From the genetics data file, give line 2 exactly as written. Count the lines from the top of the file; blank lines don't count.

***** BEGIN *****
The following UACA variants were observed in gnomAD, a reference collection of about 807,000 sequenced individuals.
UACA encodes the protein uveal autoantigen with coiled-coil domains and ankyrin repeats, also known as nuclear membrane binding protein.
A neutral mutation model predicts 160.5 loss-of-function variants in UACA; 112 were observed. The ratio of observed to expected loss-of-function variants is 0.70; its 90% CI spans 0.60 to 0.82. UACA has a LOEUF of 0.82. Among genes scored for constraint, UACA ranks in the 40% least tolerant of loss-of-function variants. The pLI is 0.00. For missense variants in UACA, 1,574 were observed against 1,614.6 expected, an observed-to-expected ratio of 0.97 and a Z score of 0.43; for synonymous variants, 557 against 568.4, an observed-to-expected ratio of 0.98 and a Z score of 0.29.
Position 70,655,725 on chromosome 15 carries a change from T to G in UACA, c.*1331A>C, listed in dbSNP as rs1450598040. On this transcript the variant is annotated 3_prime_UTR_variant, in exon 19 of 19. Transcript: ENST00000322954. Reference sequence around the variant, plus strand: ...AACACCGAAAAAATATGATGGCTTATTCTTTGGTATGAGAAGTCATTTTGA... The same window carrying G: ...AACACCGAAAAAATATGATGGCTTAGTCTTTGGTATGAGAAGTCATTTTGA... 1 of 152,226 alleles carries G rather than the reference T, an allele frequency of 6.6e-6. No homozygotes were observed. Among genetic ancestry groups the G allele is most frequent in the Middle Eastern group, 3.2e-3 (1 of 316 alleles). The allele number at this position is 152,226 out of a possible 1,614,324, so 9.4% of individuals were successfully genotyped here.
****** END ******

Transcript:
UACA encodes the protein uveal autoantigen with coiled-coil domains and ankyrin repeats, also known as nuclear membrane binding protein.